So, and then you can convert that. That’s real easy. So, you take your kestrel, and you plug in, like 2800 feet per second on your 65. And then, same BC, but plug in 2850. Just compare the two; side by side. When do you change over minute of angle? And, that will show you real quick, what 50 feet per second extreme spreads going to do your group sizes.

So, this is a minute of angle, different than this one. Pass that. You’re not capable of minute of angle. Because when you reach in that box and get that one bullet out. You don’t know if it’s your fast round or your slow round. So, unfortunately, we had to play the math all the time. But, be knowledgeable with it.

So, I had [01.38.34], the army Markman-shipping, at the house the other day; getting ready for a comp. And, they joined up, strap hanging deal with another military group. I asked them, I said, “I know who loads your ammo,” because it’s individual, in the house there with them. I said, “What do you all consider bad for extreme spread?” And, they said, “15.” I said, “These guys don’t even have 15, for standard deviation; much less extreme spread.”

But, that’s why [01.38.58] does what they do; and, went into the competition and said they win.

So, kind of back to your other point. If you have good quality ammo; you can kind of do it. But, it’s very important. Again, it goes back that whole knowledge piece that we talked about earlier. If you’re deciding on what the true capability of you shooting a deer at distance, long-range hunting. You better have the ammo that’s capable. Otherwise, you’re rolling the dice.

So, if somebody said, “No, I’m comfortable.” You know what; 1.5k, 100 percent of the time, I’ll take the shot. And, we shoot his gun, and he’s got 60 feet per second extreme spread. Wrong; bad answer.

Q: Well, it’s been good, because they’ve got the applied ballistics; the desktops work with [01.39.37], or the weapon employment zone calculation. And, I’ve got [01.39.40], with their error budget. And, it’s enlightening. Whether they read it, and they just ignore because they just want to shoot long-range anyway.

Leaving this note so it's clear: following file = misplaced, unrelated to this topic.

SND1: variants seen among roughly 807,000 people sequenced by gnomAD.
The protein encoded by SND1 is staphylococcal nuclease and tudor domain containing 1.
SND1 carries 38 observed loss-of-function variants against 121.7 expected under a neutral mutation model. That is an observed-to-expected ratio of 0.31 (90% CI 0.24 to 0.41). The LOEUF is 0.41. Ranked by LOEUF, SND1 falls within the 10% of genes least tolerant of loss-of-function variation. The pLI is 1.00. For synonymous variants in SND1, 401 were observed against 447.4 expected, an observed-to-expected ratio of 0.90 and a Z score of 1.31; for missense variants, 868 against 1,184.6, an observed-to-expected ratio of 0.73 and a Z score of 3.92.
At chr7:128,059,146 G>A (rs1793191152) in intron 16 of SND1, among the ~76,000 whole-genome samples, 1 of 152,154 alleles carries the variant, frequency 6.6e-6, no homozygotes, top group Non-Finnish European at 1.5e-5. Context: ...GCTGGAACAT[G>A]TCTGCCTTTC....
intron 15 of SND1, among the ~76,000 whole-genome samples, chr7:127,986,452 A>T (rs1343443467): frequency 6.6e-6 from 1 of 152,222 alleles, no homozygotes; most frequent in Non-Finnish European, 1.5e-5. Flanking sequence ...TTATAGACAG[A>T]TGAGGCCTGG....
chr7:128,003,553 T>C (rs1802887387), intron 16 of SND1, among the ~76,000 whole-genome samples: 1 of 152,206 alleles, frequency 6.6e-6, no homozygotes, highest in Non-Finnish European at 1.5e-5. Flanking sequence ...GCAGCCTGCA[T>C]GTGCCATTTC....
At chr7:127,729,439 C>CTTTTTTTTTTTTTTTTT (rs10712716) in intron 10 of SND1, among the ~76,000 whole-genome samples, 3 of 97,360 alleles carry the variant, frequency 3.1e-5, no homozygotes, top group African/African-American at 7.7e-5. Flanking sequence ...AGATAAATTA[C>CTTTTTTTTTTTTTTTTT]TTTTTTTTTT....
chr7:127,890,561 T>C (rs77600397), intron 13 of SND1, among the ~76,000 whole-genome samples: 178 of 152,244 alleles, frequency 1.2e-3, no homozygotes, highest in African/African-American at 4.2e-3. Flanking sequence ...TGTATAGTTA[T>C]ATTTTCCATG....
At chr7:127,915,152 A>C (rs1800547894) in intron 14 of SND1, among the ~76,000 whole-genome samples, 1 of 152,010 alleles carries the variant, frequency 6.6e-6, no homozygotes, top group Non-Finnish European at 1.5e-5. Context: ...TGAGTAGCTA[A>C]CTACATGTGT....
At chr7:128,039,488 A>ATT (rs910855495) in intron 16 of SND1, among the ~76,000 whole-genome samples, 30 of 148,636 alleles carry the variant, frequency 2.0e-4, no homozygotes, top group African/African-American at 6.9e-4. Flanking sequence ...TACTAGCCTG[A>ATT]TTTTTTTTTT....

A: Oh, that’s one of the best tools.

Q: But, you run that with a guy. And, you go, “Look, I’ll even introduce the minimum of variants, of your ability… Have you got a range finder with you? Well, we’ll just say that you’re able to, and then put SD of the [01.39.59] and everything.”

Like you say, you get that chart that comes out; that beyond this distance, no matter what you do, you’re shooting wider than six inches, eight inches. Whatever your perceived thing is; and, it’s often a lot shorter than people realise. And, then you say, “We’ll take you out. We’ll pretend you’ll doing everything perfectly; not breathing hard, not… Your weapon system by itself, is not capable of doing it.”

A: Is not capable. And, it’s smart. So, once you look at the way it’s programmed. You can take your ammo that is known; so, you go shoot through a [01.40.31], and it says this is what you’re shooting.

Let’s say you call wind perfect, and let’s say that you’re a perfect shooter. Just looking at your ammo, you can go, ‘I really shouldn’t take a shot pass 600, with ammo’. And, you may shoot half minute gun. I had people all the time, they tell me, “Todd, we got a gun we want you to shoot. It’s quarter minute of angle.” And, I go, “Yeah. Alright, so you brought this on yourself. So, this is what I want you to do.”

So, if he’d have said half minute. I would have said, “Hey, send it to me and I’ll play with it. But, you said it was a quarter, so this is what I want you to do.” I said, “Ten shot groups. Ten groups on one piece of paper. Send it to me. And, then send me your gun, if it’s a quarter minute.”